A-glucosidase inhibitors, such as acarbose, miglitol and voglibose, not only decelerate the breakdown of starch into glucose in the small intestine but also decrease its bioavailability, resulting in reduced levels of glucose entering the blood stream and hence attenuated postprandial glucose excursions. 365 , 366 , 367 , 368 , 369 , 370 In addition, they support weight loss 371 , 372 and ameliorate blood pressure, 373 insulin sensitivity 367 , 368 and triglyceride levels. 369 , 370 Similar to pioglitazone, α-glucosidase inhibitors attenuate reductions in β-cell mass, which may delay the onset of diabetes. 374 , 375 , 376 As α-glucosidase inhibitors only mildly reduce HbA 1c levels (0.5–1.0%), they are usually only used in the early stage of T2DM, that is, impaired glucose tolerance or in combination with other drugs. 377
Conclusions and outlook
The pancreas has key roles in maintaining normal blood glucose levels by producing and releasing insulin and glucagon. These opponents interact not only with each other through the intra-islet insulin axis 378 , 379 , 380 , 381 but also with other organs/tissues, that is, the brain, liver, gut as well as insulin-dependent adipose and muscle tissues. Altogether, the islet–organ/tissues axes described here form a highly sophisticated network that includes, but is not limited to, various signaling molecules, that is, neuropeptides (brain-derived neurotrophic factor, NPY, melanin concentrating hormone, gastrin-releasing peptide, VIP and PACAP), hepatokines (betatrophin and HNFs), enteroendocrine hormones (the incretins GLP-1 and GIP, the decretins NmU and limostatin, gastrin and CCK) as well as adipokines (leptin and adiponectin) and myokines (fibroblast growth factor-21 and IL-6) that mainly interact through GPCR signaling pathways, such as the cAMP cascade. In good health, the well-functioning interactions between all of the organs and tissues involved ensure glucose homeostasis. However, impairments in the secretion of and/or sensitivity to insulin may result in metabolic diseases, such as T2DM. Referring to the American Diabetes Association, T2DM and noninsulin-dependent diabetes mellitus are characterized by insulin resistance, hyperglycemia and a relative insulin deficiency. Furthermore, T2DM is associated with low-grade inflammation, 382 , 383 cardiovascular disease, 384 , 385 nephropathy 386 , 387 and alterations in the secretion of various hormones, including IL-6, IL-18, tumor necrosis factor-α, 388 adiponectin and leptin, 389 neuropeptides, 390 ghrelin 391 , 392 and the incretins GLP-1 and GIP. 219 , 220 , 221 , 222 , 223 Although lifestyle interventions 393 and weight loss 394 reverse T2DM in early stages, when insulin is still secreted, T2DM patients may become dependent on anti-diabetic drugs in later stages. Currently, there are three classes of agents: insulin secretatogues, insulin sensitizers and α-glucosidase inhibitors, all of which have different modes of action and hence target different stages and symptoms of T2DM. Treatments that modulate insulin release—on condition of an appropriate insulin sensitivity of the target organs—appear to be promising approaches. Current research is unveiling new molecules, enzymes and interactions that are involved in the signaling pathways underlying insulin secretion, among others, and is likely to introduce new therapeutic approaches. Strategies that target these mediating molecules may include, but are not limited to, the calcium sensor Syt-7, 90 , 395 the SNARE-associated protein Snapin, 89 the t -SNARE SNAP-25, 396 cyclin-dependent kinase (Cdk) 5, 397 ryanodine receptor (RyR) 2, 398 the nucleotide exchange factor and intracellular cAMP sensor Epac2, 57 , 58 , 59 , 399 mammalian uncoordinated proteins (munc)13 400 , 401 and munc18 40 , 41 as well as the Ras-related proteins (Rab) 3A 402 and 27A. 403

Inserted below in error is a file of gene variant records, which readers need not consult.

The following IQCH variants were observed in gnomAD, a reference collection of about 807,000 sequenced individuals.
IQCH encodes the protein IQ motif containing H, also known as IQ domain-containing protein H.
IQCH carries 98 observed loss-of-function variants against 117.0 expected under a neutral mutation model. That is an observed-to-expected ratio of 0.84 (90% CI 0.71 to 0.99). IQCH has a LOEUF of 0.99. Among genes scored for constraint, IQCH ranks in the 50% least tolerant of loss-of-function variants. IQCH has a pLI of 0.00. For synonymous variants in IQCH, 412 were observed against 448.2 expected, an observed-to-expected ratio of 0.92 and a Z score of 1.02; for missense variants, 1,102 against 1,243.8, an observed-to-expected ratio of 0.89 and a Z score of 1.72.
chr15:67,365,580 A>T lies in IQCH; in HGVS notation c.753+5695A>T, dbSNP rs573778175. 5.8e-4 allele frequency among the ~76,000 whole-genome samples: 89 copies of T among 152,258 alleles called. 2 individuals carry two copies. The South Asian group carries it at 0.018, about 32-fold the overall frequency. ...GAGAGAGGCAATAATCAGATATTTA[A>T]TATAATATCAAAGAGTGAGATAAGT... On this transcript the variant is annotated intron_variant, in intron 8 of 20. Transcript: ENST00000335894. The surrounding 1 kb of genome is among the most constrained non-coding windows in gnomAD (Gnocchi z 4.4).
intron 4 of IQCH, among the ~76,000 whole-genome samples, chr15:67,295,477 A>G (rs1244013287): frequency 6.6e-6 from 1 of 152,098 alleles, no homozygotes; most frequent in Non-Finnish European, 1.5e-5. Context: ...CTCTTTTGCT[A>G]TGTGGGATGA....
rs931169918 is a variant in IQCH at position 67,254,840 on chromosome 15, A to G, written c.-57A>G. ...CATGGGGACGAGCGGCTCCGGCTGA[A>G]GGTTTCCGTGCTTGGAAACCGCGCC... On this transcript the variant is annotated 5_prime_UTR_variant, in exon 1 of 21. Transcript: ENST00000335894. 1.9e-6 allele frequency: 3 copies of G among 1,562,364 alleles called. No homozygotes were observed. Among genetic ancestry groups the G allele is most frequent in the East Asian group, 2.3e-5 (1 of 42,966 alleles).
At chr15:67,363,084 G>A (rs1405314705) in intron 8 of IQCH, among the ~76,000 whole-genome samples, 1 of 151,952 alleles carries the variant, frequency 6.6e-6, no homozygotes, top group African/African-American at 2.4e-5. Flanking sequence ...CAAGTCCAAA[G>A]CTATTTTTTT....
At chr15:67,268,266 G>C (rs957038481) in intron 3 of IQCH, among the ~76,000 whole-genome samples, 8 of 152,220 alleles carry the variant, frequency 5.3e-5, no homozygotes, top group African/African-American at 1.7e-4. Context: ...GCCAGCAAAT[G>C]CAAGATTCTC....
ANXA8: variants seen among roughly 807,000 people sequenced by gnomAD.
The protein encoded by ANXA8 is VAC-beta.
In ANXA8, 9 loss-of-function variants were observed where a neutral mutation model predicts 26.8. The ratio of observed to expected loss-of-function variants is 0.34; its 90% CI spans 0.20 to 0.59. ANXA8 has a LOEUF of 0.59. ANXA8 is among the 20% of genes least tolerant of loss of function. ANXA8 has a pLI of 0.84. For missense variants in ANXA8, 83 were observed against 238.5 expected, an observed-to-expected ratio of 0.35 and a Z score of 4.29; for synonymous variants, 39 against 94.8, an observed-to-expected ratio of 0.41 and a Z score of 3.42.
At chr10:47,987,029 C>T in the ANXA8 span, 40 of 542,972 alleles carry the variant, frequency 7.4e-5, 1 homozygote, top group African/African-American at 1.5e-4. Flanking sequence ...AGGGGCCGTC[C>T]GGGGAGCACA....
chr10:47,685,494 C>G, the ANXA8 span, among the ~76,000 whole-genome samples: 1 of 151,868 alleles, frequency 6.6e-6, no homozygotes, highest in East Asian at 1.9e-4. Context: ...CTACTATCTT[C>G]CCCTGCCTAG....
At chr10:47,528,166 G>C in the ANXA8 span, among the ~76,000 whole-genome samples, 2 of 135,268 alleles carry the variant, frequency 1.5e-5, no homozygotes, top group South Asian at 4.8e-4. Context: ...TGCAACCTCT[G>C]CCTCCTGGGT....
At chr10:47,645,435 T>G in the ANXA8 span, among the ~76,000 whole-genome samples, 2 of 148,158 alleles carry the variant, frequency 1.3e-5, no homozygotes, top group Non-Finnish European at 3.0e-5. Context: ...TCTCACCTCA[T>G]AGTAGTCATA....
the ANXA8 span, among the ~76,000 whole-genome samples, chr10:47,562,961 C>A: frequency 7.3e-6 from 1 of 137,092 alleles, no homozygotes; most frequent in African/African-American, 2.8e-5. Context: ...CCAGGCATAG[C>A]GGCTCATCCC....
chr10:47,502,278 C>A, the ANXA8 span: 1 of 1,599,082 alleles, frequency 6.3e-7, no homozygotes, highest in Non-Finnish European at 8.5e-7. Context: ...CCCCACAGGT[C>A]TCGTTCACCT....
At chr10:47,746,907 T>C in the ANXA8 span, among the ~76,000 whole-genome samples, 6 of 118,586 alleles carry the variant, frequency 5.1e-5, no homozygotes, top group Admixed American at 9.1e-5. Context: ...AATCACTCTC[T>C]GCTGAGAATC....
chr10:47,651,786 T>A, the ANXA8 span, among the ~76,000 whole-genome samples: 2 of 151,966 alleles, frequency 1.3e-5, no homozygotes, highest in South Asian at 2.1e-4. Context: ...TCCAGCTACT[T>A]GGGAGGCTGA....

The authors declare no conflict of interest.